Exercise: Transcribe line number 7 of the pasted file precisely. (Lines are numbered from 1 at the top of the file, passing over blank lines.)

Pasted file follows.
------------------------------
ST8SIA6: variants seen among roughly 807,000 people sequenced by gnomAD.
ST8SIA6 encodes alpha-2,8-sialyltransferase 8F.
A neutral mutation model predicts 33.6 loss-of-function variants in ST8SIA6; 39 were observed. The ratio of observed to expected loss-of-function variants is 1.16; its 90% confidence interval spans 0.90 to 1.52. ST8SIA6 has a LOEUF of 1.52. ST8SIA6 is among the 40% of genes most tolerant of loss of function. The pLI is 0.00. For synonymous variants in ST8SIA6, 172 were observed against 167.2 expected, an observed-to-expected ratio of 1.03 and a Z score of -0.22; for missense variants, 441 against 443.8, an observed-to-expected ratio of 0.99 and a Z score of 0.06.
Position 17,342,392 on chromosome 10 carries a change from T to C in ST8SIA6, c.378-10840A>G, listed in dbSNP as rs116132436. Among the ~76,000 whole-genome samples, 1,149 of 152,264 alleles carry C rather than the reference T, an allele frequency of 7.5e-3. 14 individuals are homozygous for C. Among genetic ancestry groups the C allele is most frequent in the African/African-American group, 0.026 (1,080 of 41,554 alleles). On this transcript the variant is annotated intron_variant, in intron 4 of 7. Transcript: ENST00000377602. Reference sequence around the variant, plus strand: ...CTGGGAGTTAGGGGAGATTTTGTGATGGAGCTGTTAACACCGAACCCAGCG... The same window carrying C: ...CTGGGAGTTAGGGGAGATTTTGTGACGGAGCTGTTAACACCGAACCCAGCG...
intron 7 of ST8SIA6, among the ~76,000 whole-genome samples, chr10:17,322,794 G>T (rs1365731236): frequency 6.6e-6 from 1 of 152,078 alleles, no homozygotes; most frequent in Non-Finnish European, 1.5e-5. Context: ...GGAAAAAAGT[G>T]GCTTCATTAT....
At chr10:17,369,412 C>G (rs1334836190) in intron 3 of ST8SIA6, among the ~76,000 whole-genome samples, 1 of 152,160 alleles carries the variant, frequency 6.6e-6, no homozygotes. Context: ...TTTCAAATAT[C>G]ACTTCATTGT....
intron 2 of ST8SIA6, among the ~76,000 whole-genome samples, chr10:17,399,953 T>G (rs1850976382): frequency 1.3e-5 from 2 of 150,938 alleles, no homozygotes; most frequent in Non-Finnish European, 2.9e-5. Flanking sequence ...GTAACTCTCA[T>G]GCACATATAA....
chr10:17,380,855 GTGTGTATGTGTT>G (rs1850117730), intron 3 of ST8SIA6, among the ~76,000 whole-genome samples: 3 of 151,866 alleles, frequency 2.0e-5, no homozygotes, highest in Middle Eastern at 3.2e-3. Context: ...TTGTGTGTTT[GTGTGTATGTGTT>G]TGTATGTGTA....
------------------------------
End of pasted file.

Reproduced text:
intron 2 of ST8SIA6, among the ~76,000 whole-genome samples, chr10:17,399,953 T>G (rs1850976382): frequency 1.3e-5 from 2 of 150,938 alleles, no homozygotes; most frequent in Non-Finnish European, 2.9e-5. Flanking sequence ...GTAACTCTCA[T>G]GCACATATAA....